The Federal Communications Commission has just released a report about the U.S. broadband market and it found that an astounding 68% of these offerings don’t even meet governmental agency’s description of what “broadband” is. Could 4G networks help solve this problem?
In an 87-page report, the FCC said more than 2/3 of the services labeled as “broadband” can’t deliver 4 Mbps downstream and 1 Mbps upstream. I remember paying for AT&T’s DSL service a few years ago and the broadband would give me a whopping 3 Mbps down – I’m not complaining too much, as I was coming off dial-up at the time and loved the heck out of it.
The FCC report also found that wireless services with data plans for Internet access grew to 52 million in the second half of 2009. For all connections over 200 kbps, mobile connections led the group with 39.4% of connections. With the growth of mobile data plans and the increased availability of 4G networks, can the carriers become significant home-replacement options?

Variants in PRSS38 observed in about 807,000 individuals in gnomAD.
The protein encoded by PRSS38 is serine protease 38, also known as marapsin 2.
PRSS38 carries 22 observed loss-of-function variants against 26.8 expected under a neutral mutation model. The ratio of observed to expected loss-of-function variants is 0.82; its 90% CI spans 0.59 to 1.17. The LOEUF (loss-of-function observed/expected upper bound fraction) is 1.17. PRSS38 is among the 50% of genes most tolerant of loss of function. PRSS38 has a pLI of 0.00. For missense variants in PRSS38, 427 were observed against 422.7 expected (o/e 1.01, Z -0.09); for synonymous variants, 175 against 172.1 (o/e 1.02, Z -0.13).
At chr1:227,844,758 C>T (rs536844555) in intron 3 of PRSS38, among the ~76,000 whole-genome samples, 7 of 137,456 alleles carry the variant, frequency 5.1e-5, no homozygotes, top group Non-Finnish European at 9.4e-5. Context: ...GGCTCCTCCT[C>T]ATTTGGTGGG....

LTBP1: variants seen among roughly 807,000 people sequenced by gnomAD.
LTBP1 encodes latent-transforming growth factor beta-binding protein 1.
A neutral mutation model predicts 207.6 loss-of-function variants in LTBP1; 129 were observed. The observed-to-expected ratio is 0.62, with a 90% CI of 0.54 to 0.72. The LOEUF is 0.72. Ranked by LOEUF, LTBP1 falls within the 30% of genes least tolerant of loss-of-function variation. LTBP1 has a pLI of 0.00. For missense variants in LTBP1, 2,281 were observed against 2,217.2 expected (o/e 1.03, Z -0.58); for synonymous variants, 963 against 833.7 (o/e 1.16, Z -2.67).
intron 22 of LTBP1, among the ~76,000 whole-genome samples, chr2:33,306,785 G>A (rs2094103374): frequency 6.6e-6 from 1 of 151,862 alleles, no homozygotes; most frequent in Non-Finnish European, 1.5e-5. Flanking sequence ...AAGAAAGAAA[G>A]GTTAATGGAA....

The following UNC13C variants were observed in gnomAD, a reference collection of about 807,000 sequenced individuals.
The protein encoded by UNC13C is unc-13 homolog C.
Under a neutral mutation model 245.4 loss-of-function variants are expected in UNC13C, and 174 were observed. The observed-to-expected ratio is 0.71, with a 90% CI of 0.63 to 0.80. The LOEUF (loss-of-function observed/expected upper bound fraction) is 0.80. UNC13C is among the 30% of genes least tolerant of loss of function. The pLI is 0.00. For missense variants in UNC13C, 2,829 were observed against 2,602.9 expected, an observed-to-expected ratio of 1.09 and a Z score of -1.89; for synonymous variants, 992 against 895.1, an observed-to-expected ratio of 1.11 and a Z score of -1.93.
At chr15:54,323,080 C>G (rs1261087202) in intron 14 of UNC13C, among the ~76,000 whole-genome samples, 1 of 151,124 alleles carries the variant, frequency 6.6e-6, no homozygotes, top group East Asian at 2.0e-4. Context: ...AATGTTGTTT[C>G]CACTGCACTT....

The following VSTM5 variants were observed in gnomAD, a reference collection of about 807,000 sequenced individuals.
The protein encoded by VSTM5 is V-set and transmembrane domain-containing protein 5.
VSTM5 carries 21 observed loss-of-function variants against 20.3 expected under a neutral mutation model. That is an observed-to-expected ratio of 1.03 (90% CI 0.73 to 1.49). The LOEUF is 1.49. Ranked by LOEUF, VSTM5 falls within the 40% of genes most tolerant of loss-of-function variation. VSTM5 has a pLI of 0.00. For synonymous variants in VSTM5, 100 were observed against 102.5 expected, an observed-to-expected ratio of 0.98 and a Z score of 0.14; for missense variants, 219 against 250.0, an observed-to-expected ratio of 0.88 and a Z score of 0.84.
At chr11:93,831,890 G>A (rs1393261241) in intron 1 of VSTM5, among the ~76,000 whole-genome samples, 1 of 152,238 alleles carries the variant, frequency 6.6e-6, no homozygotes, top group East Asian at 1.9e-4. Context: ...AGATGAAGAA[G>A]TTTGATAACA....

Verizon just launched its 4G LTE network and this promises to deliver at least 6 Mbps on the go. We’ve seen some burst speeds of over 12 Mbps and the spectrum it uses means this service can penetrate walls easily. Verizon is also expected to have this network cover nearly all of the United States in a few, short years.
Sprint’s WiMax service is live in multiple markets and this 4G service consistently delivers between 5-8 Mbps with bursts of over 10 Mbps. The 4G service does have some issues with penetrating buildings though.
T-Mobile is also advertising its 4G service for phones, as its HSPA+ network delivers a theoretical 21 Mbps. There’s no mainstream home router equipment for this or the Sprint and Verizon offerings yet, but the speeds are definitely there.
The largest problem for 4G to close the so-called digital divide when it comes to broadband is the pricing and caps. On Verizon’s 4G LTE service, you’re paying for 5 GB of data a month and we’ve seen that can be surpassed in 30 minutes if you’re really trying.